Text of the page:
Tuesday, March 13, 2012

The Humming Room by Ellen Potter

It's hard to review The Humming Room by Ellen Potter without including something that some might consider a spoiler, so I'll say at the start: if you like juvenile fiction with just a touch of magical realism, with well-developed characters and a little bit of eerie atmosphere, you might want to stop reading this review, and pick up the book, instead. Okay, now for the actual review:

When Roo's parents are killed, she is sent to the home of an uncle she didn't even know she had. The huge, mysterious old house holds many secrets, both inside and out. There's the strange boy who knows more about nature than anyone Roo has ever met, the unwelcoming housekeeper, the garrulous maid, and the strange humming and crying sounds that Roo sometimes hears as she explores the house. Most of all, there's the garden, which has been closed up and left to die. . . .

If this is all sounding way too familiar, there's a reason for that. Potter has taken the basic structure of The Secret Garden and updated it to a modern setting. This may sound like a recipe for disaster, but in this case, it works beautifully. It took me a little while to even realize what was happening, though when I look back, I can see that Roo's story and Mary's march side-by-side from the very beginning. Lots of the small details differ, making the book just different enough from its predecessor that it doesn't feel like a hollow imitation. For instance, Roo's uncle's house is an old children's tuberculosis sanatorium, with all of the creepiness that entails, and it's located on an island, so it feels as remote as a house on the moors of Yorkshire a hundred years ago. There are subtle differences in characterization, too -- Roo is a little more likeable than Mary, Jack is a little more fey than Dickon, Philip is not as much of an invalid as Colin -- but they mesh together nicely. My one complaint was that the book was short, and felt a little rushed toward the end.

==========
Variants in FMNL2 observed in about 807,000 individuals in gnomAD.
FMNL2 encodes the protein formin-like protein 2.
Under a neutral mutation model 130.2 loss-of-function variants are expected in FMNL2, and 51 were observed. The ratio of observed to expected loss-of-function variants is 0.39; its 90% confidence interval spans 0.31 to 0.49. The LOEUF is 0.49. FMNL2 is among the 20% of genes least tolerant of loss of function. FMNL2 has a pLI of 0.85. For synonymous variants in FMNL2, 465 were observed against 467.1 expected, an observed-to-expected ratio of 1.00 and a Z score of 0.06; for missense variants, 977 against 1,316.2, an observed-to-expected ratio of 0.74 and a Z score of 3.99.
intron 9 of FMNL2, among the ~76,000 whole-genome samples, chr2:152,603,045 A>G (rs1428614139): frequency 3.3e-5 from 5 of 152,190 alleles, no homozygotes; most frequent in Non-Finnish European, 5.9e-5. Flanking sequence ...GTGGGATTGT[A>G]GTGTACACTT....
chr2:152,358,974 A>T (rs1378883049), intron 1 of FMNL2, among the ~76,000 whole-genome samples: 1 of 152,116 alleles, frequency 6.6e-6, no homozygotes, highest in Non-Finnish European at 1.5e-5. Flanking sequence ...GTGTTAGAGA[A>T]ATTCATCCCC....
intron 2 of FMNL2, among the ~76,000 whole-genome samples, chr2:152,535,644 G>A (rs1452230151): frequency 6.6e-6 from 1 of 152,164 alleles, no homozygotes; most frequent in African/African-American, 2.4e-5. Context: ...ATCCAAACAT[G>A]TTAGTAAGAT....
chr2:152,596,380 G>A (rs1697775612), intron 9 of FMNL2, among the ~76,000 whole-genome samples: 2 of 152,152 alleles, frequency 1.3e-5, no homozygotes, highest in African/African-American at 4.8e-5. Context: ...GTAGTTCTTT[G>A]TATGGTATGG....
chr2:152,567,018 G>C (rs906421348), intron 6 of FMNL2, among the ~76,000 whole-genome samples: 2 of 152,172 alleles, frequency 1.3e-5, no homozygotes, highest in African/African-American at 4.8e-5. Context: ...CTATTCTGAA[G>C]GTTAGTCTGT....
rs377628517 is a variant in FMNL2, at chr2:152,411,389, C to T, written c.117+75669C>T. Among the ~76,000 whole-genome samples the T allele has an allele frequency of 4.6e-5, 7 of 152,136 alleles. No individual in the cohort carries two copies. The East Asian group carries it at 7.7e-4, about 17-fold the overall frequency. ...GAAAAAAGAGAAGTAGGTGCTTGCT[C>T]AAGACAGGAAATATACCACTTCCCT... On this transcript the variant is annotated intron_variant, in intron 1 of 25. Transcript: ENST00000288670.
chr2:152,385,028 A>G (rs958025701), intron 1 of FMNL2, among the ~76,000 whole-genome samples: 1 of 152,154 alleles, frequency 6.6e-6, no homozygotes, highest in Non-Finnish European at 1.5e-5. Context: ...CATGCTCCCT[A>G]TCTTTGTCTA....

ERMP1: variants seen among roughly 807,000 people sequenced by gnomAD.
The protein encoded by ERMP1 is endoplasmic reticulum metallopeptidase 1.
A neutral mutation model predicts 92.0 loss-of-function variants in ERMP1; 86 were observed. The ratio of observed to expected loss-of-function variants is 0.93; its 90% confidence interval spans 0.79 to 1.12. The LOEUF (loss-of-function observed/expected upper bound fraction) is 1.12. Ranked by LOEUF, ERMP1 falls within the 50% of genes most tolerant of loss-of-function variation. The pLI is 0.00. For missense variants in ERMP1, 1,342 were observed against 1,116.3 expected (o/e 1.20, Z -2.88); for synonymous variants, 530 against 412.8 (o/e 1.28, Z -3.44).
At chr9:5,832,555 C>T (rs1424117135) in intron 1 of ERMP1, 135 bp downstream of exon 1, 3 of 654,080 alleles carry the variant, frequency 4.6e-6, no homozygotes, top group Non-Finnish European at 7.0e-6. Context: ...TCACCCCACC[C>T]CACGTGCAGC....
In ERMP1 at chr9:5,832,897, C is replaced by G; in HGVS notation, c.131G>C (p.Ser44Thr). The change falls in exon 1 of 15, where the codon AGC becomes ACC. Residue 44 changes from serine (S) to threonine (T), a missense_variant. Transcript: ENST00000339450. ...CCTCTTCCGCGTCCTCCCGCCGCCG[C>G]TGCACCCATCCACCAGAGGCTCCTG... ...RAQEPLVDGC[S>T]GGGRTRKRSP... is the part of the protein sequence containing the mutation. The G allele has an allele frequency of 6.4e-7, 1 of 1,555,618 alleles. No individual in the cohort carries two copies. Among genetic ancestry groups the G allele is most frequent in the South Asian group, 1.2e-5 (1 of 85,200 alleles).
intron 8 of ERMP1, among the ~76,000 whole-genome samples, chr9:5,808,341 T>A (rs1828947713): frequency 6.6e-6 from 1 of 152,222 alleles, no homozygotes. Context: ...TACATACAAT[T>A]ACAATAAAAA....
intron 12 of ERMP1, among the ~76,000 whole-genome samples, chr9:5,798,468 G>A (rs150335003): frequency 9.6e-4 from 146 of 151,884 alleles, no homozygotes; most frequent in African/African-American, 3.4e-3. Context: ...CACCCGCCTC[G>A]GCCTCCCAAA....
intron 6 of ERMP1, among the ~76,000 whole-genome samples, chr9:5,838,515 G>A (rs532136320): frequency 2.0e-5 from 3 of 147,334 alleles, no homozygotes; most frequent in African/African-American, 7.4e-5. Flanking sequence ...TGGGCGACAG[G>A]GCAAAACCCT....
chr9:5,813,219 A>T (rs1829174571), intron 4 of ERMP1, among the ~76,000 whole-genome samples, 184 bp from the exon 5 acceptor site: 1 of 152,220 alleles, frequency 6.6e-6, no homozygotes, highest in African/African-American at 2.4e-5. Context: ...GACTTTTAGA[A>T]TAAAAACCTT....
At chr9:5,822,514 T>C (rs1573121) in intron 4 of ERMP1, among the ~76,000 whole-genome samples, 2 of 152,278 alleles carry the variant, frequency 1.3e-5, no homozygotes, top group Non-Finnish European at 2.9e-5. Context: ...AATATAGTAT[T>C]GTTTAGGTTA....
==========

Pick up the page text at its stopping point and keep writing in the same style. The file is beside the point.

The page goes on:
In The Humming Room, Potter has done a lovely job of taking on and adapting a children's classic. I would recommend this to fans of the original, as well as those who are looking for a story with a slightly spooky atmosphere and a hint of mystery.

(Reviewed from a copy borrowed through my library system.)

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